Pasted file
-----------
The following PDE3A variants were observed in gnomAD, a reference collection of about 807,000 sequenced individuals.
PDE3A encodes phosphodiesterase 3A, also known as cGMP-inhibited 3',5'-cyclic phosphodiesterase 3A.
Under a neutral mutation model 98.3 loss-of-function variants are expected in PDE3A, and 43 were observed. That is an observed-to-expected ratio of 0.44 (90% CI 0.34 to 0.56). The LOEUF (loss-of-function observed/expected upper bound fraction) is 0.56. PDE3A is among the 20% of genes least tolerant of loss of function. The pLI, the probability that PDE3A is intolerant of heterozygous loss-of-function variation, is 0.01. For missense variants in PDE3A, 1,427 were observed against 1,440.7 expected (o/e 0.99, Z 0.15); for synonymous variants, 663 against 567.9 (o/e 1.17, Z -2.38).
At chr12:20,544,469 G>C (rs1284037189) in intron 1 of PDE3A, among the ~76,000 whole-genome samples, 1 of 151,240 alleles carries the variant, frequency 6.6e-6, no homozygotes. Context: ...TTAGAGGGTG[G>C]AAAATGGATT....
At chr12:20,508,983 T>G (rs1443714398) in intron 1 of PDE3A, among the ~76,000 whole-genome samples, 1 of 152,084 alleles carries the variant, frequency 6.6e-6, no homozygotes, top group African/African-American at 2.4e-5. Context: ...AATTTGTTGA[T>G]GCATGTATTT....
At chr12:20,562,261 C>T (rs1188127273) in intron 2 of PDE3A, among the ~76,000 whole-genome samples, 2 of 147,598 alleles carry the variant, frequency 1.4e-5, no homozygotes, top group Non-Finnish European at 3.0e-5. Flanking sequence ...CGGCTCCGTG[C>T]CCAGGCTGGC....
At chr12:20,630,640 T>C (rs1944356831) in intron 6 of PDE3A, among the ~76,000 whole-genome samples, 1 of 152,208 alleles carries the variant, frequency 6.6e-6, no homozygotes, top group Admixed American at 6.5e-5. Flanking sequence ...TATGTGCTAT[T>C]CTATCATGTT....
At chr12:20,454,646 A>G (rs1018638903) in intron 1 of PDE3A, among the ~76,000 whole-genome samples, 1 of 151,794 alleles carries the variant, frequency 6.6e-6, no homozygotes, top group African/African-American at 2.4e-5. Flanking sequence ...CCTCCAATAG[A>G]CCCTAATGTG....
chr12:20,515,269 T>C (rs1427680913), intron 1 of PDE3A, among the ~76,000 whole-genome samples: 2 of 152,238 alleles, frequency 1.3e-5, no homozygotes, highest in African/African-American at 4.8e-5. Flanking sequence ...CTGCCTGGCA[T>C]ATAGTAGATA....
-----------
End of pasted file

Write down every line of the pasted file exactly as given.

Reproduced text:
The following PDE3A variants were observed in gnomAD, a reference collection of about 807,000 sequenced individuals.
PDE3A encodes phosphodiesterase 3A, also known as cGMP-inhibited 3',5'-cyclic phosphodiesterase 3A.
Under a neutral mutation model 98.3 loss-of-function variants are expected in PDE3A, and 43 were observed. That is an observed-to-expected ratio of 0.44 (90% CI 0.34 to 0.56). The LOEUF (loss-of-function observed/expected upper bound fraction) is 0.56. PDE3A is among the 20% of genes least tolerant of loss of function. The pLI, the probability that PDE3A is intolerant of heterozygous loss-of-function variation, is 0.01. For missense variants in PDE3A, 1,427 were observed against 1,440.7 expected (o/e 0.99, Z 0.15); for synonymous variants, 663 against 567.9 (o/e 1.17, Z -2.38).
At chr12:20,544,469 G>C (rs1284037189) in intron 1 of PDE3A, among the ~76,000 whole-genome samples, 1 of 151,240 alleles carries the variant, frequency 6.6e-6, no homozygotes. Context: ...TTAGAGGGTG[G>C]AAAATGGATT....
At chr12:20,508,983 T>G (rs1443714398) in intron 1 of PDE3A, among the ~76,000 whole-genome samples, 1 of 152,084 alleles carries the variant, frequency 6.6e-6, no homozygotes, top group African/African-American at 2.4e-5. Context: ...AATTTGTTGA[T>G]GCATGTATTT....
At chr12:20,562,261 C>T (rs1188127273) in intron 2 of PDE3A, among the ~76,000 whole-genome samples, 2 of 147,598 alleles carry the variant, frequency 1.4e-5, no homozygotes, top group Non-Finnish European at 3.0e-5. Flanking sequence ...CGGCTCCGTG[C>T]CCAGGCTGGC....
At chr12:20,630,640 T>C (rs1944356831) in intron 6 of PDE3A, among the ~76,000 whole-genome samples, 1 of 152,208 alleles carries the variant, frequency 6.6e-6, no homozygotes, top group Admixed American at 6.5e-5. Flanking sequence ...TATGTGCTAT[T>C]CTATCATGTT....
At chr12:20,454,646 A>G (rs1018638903) in intron 1 of PDE3A, among the ~76,000 whole-genome samples, 1 of 151,794 alleles carries the variant, frequency 6.6e-6, no homozygotes, top group African/African-American at 2.4e-5. Flanking sequence ...CCTCCAATAG[A>G]CCCTAATGTG....
chr12:20,515,269 T>C (rs1427680913), intron 1 of PDE3A, among the ~76,000 whole-genome samples: 2 of 152,238 alleles, frequency 1.3e-5, no homozygotes, highest in African/African-American at 4.8e-5. Flanking sequence ...CTGCCTGGCA[T>C]ATAGTAGATA....